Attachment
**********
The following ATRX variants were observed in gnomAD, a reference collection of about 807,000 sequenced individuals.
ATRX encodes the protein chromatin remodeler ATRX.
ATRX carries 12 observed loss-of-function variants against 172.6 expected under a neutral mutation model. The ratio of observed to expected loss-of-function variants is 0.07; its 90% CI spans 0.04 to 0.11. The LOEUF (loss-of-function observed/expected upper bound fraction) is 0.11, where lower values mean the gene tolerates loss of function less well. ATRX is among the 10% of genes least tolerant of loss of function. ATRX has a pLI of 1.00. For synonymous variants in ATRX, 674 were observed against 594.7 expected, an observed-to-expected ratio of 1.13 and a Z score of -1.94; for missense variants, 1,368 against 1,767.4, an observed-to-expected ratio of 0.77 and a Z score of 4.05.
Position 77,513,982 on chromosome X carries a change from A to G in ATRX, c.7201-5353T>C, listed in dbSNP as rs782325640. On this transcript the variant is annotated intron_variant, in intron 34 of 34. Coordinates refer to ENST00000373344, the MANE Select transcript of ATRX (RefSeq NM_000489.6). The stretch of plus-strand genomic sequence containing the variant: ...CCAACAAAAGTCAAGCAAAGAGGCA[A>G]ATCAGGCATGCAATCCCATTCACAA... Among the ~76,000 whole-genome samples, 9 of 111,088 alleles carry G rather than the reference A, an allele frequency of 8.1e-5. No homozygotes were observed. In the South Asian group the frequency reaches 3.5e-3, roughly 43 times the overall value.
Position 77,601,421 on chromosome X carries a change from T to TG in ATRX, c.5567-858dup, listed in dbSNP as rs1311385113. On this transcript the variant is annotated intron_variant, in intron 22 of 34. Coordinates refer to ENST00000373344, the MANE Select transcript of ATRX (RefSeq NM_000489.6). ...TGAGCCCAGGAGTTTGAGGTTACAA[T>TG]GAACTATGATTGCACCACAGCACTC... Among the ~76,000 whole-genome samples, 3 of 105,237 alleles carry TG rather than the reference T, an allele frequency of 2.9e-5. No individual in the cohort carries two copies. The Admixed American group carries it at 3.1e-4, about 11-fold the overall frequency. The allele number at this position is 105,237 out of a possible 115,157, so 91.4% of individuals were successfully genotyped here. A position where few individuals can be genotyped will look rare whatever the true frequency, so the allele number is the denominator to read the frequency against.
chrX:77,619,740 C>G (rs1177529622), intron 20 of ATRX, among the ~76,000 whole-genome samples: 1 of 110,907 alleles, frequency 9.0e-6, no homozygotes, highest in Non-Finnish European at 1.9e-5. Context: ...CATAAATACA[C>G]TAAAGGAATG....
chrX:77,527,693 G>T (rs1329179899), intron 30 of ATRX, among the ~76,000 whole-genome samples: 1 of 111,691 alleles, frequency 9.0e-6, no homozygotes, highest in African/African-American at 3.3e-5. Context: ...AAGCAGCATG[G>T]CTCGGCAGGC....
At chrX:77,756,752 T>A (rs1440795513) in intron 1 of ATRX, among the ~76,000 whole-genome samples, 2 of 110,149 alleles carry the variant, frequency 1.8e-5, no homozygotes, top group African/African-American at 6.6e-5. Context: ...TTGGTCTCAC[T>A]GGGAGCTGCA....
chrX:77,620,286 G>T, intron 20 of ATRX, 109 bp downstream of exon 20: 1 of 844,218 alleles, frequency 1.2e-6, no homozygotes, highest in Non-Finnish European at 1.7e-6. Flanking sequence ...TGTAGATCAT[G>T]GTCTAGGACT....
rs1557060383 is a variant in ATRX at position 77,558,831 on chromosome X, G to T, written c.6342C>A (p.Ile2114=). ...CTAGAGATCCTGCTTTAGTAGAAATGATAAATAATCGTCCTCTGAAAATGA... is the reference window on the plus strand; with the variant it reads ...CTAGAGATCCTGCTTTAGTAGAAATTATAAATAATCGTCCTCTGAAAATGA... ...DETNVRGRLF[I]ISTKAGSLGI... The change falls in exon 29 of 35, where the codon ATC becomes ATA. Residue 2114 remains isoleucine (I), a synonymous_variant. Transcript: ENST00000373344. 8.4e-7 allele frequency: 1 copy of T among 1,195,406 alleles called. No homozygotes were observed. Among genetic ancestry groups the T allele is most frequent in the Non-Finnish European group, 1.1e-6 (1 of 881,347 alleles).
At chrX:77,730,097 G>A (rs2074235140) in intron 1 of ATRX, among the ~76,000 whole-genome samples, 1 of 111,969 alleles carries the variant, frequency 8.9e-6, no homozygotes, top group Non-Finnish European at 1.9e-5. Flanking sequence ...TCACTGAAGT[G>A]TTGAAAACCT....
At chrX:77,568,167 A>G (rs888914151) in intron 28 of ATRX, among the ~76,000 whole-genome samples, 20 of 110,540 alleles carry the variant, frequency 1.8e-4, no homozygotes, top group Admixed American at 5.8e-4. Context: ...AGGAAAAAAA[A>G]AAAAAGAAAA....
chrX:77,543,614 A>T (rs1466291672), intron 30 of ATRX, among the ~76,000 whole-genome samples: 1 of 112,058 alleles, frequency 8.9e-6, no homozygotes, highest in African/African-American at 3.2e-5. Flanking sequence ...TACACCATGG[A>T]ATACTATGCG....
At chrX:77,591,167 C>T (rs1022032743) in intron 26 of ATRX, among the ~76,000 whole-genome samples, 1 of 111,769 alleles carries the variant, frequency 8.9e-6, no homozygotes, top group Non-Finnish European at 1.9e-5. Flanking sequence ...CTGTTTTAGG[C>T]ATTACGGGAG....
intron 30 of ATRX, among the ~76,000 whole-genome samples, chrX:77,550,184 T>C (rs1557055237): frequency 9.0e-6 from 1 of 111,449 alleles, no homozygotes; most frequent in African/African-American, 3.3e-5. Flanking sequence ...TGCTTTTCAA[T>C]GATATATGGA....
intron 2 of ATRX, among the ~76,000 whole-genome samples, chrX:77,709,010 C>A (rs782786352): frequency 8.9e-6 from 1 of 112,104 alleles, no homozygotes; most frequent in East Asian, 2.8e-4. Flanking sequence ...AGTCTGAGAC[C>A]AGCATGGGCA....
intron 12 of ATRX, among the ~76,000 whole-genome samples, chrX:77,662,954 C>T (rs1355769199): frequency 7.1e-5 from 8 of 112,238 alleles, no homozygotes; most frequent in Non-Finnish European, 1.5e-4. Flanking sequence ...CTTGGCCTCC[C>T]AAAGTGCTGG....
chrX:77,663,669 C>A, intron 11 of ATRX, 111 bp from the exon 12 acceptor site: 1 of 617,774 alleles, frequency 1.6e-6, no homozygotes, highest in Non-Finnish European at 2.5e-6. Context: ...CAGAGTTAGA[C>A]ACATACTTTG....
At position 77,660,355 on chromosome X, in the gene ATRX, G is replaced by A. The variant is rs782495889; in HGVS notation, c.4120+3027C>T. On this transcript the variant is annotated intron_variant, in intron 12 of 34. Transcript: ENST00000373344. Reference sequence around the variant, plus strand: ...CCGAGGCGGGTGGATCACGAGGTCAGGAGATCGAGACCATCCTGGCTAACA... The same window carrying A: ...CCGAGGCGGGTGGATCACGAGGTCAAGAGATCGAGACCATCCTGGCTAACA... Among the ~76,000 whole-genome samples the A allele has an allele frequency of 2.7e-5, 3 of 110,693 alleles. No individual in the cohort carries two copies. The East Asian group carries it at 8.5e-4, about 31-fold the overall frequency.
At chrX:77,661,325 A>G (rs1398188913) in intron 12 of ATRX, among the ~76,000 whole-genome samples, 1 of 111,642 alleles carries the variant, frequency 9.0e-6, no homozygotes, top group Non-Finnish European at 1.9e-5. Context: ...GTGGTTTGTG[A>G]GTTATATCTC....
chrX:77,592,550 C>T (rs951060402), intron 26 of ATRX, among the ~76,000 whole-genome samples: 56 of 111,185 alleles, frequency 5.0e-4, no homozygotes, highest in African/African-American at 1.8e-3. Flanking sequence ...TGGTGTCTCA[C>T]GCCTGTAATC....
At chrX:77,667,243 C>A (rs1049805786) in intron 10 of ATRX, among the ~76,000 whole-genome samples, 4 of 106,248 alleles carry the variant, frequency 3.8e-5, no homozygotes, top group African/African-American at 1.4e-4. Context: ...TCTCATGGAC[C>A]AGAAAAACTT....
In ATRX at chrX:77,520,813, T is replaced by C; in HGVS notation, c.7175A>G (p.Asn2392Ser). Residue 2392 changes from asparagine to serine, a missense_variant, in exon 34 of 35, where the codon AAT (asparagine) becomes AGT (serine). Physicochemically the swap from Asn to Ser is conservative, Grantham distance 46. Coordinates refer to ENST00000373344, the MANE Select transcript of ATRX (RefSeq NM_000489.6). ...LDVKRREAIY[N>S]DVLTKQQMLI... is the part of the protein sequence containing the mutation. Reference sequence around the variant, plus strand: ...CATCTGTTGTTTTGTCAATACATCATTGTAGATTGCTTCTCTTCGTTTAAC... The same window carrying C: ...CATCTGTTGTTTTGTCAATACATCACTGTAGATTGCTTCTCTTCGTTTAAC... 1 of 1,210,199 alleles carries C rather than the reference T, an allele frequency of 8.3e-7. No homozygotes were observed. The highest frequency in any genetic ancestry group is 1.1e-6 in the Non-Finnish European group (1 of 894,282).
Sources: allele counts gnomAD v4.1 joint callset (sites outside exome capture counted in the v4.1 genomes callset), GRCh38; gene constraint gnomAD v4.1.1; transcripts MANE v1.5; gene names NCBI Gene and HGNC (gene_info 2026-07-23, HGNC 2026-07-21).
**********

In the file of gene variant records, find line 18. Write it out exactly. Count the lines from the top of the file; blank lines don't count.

chrX:77,663,669 C>A, intron 11 of ATRX, 111 bp from the exon 12 acceptor site: 1 of 617,774 alleles, frequency 1.6e-6, no homozygotes, highest in Non-Finnish European at 2.5e-6. Context: ...CAGAGTTAGA[C>A]ACATACTTTG....